Banange, sebo, nyabo, webale!

 

The writer is a senior sub-editor at People Daily.

 

Article written by Mercy Njoroge and first appeared on People Daily, September 5-6, 2015. 

 

 

 

 

 

 

 Staff urged to support vision of country programme

 

Ezana Kassa, the AAH South Sudan Country Director makes his presentation

 

AAH South Sudan staff have been urged to make a positive contribution in their work for the different communities to meet the mission and vision of the organisation. 

 

Hon Khemis Benz, AAH South Sudan board chairman made the call during a two-day re-programming workshop that was attended by over 25 staff, drawn from all the four AAH South Sudan sectors. Hon Benz urged the staff to work towards improving the lives of the communities affected by conflict in the country. “I urge you to play a role in the organisation through effective contribution in terms of service delivery and ending south Sudan conflict, through peace building,” he said.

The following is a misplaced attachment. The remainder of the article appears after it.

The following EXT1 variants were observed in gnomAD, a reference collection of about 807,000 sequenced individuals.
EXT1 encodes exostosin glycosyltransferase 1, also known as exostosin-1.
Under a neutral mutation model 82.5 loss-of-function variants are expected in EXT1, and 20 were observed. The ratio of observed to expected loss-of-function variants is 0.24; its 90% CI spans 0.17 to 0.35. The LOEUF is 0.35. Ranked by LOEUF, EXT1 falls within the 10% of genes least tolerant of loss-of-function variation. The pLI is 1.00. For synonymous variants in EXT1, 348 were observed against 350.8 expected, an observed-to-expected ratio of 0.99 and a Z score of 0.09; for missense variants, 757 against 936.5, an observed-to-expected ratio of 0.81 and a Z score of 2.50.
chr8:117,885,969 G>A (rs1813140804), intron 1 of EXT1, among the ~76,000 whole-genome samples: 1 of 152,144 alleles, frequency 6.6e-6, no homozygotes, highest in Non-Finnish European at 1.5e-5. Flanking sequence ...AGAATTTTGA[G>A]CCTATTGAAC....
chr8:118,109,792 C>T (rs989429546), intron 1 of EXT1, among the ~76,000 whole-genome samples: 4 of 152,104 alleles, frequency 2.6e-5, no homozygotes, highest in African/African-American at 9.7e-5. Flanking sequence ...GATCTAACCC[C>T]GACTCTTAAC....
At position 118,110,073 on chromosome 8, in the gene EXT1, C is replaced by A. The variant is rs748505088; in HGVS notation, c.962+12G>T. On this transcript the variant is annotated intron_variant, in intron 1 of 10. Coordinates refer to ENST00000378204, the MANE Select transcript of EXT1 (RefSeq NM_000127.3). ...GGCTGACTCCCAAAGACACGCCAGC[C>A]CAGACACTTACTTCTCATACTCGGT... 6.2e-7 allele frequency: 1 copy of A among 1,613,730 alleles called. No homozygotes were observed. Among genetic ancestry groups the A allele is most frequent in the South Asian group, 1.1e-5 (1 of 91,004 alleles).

Neha Erasmus, a country programme board member, while presenting AAH-I South Sudan history and philosophy, urged the AAH staff to support communities to embrace self-reliance.  “Do not allow communities to be dependent, but teach them how to be self-reliant,” said Erasmus.

 

AAH South Sudan Country Director Ezana Kassa stressed the need for more input from staff. “Staff should know and understand communities focus as well as empowering them,” said Mr Kassa. The workshop gave sector staff an opportunity to freely discuss issues in their projects and look for ways of adjusting them, based on the current context.

 

AAH-I Programmes Director John Nyirenda thanked the different teams that devoted their time in coming up with a three-year strategic plan through the re-programming activities.  “I urge the different teams to continue with the spirit of coming together with a focus on development,” said Mr Nyirenda, adding that staff should constantly reflect on the strategic plan. The workshop was held at a hotel in Juba.